The city is providing free shuttles to shelters from some CTrain stations over the next few nights as temperatures drop below -20 C
The city and local community organizations are expanding services to protect homeless Calgarians as temperatures are expected to drop below -20 C over the next few days.
Throughout the duration of the extreme cold, from Wednesday through Friday, the city plans to provide shuttles between select CTrain stations and the Drop-In Center and Alpha House from 8:30 p.m. to 1 a.m.
A variety of homeless support organizations are adding five new warming sites that operate from 7 a.m. to 7 p.m.—doubling the current number of warming sites across the city to 10. The new locations will add 200 spots at warming centers for a total of 335. Salvation Army will also set up a mobile warming station at a different CTrain station every day, seven days a week.
“These extended warming centers provide an opportunity to develop a relationship with another human being who truly cares about someone through a trauma-informed lens so they can bridge them to shelter, if appropriate, or other services,” said Patricia Jones, president of the Calgary Homeless Foundation, notes the multiple supports available citywide.
“What this means is that people have choice and . . . people have access to other services while they’re warming up, which could be housing, mental health, addiction, medical, psychiatric. It depends on the situation and the person and their readiness.”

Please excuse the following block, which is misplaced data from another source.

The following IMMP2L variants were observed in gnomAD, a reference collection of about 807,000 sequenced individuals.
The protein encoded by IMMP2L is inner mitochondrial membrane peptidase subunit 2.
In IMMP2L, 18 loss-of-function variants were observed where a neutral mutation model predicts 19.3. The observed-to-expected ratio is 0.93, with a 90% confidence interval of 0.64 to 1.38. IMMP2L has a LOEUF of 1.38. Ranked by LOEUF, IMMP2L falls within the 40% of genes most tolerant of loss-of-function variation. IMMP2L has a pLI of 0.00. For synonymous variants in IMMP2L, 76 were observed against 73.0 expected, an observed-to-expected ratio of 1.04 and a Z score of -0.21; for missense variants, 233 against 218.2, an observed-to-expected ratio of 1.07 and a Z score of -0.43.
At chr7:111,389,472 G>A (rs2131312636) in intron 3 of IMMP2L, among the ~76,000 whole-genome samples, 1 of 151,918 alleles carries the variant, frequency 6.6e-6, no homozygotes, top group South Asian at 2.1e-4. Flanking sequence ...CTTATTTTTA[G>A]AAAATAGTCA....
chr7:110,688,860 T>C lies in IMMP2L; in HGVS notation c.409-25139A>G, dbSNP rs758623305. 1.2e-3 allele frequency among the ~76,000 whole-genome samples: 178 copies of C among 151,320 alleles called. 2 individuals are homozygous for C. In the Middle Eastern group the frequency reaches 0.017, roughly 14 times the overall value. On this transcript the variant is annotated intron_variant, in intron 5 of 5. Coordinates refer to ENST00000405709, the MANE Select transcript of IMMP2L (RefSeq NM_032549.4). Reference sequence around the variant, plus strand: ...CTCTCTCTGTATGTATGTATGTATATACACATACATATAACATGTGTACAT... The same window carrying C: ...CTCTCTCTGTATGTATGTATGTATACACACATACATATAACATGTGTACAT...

The homeless foundation puts occupancy rates at local shelters at about 80 percent, leaving some room to grow as winter approaches. Mayor Jyoti Gondek said the city wants to ensure anyone who needs help can get it.
“We have worked closely with our partners at the Calgary Homeless Foundation, local shelters and community groups to offer services that will allow individuals to access facilities that have the capacity, teams and resources in place to best support them,” said Gondek said.
The downtown Calgary walk-in center has seen increased demand in recent weeks, with 723 of its 1,028 beds filled Tuesday night, an increase from the October average of 583. While not near capacity, spokesman Nathan Ross said there is room to add beds. during emergency situations.
“The cold is a real danger,” Ross said. “At no point will anyone be turned away because of building capacity.”
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In southeast Calgary, the Mustard Seed Foothills shelter was at or near its capacity of 370 people this past week. The Seed’s director of health and wellness, Samantha Lowe, says they have coordinated with other shelters to ensure everyone who comes to them gets a bed for the night.
“It’s a challenging time for people who are experiencing poverty and homelessness right now because of the economy, inflation and just everything being so expensive,” Lowe said. “People often choose between food and housing, and they end up at our shelter and we try to support them as best we can.”
The Mustard Seed and other organizations continue to collect donations and warm clothing for those in need. The DI accepts items at its 3640 11A St. NE donation center, and has also released an Amazon wish list at calgarydropin.ca/amazon, which people can use to donate needed items over the Internet.
Without shelter or warm clothing, people experiencing homelessness can experience severe frostbite, sometimes to the point of amputations or serious infections.
“When it gets this cold, it’s really important to have that sense of shelter, and if people choose to sleep rough, just make sure they have enough supplies like those warm items just to get through the harshness of winter ,” Ross said. .
A list of warming spaces, shelters and other supports is available on the Calgary Homeless Foundation’s website. The city urges residents who see someone in need of help to contact the Downtown Outreach Addictions Partnership (DOAP) team at 403-998-7388 or call 911 if someone is in a medical emergency.
Low temperatures are forecast to rise into the low teens overnight on Saturday, with an expected high of -5C.